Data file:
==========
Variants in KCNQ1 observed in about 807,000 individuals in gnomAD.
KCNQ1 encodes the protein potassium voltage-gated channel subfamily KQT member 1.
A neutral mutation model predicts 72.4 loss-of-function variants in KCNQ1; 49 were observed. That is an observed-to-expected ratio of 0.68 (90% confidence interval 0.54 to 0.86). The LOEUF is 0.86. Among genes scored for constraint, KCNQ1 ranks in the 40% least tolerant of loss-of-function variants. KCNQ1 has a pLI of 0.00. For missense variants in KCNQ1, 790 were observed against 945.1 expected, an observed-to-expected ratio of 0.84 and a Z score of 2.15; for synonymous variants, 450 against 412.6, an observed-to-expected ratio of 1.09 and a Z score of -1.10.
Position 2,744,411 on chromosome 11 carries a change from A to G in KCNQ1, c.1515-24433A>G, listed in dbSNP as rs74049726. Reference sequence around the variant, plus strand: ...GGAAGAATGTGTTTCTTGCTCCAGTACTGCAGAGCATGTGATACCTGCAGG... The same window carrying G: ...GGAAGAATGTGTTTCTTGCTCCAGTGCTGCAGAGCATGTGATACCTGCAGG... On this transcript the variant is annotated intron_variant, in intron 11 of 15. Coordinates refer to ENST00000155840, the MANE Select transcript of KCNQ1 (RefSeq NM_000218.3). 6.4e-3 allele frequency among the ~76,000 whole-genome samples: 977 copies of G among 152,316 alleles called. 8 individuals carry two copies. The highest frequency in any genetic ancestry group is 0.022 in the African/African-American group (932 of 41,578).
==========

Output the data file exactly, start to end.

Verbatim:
Variants in KCNQ1 observed in about 807,000 individuals in gnomAD.
KCNQ1 encodes the protein potassium voltage-gated channel subfamily KQT member 1.
A neutral mutation model predicts 72.4 loss-of-function variants in KCNQ1; 49 were observed. That is an observed-to-expected ratio of 0.68 (90% confidence interval 0.54 to 0.86). The LOEUF is 0.86. Among genes scored for constraint, KCNQ1 ranks in the 40% least tolerant of loss-of-function variants. KCNQ1 has a pLI of 0.00. For missense variants in KCNQ1, 790 were observed against 945.1 expected, an observed-to-expected ratio of 0.84 and a Z score of 2.15; for synonymous variants, 450 against 412.6, an observed-to-expected ratio of 1.09 and a Z score of -1.10.
Position 2,744,411 on chromosome 11 carries a change from A to G in KCNQ1, c.1515-24433A>G, listed in dbSNP as rs74049726. Reference sequence around the variant, plus strand: ...GGAAGAATGTGTTTCTTGCTCCAGTACTGCAGAGCATGTGATACCTGCAGG... The same window carrying G: ...GGAAGAATGTGTTTCTTGCTCCAGTGCTGCAGAGCATGTGATACCTGCAGG... On this transcript the variant is annotated intron_variant, in intron 11 of 15. Coordinates refer to ENST00000155840, the MANE Select transcript of KCNQ1 (RefSeq NM_000218.3). 6.4e-3 allele frequency among the ~76,000 whole-genome samples: 977 copies of G among 152,316 alleles called. 8 individuals carry two copies. The highest frequency in any genetic ancestry group is 0.022 in the African/African-American group (932 of 41,578).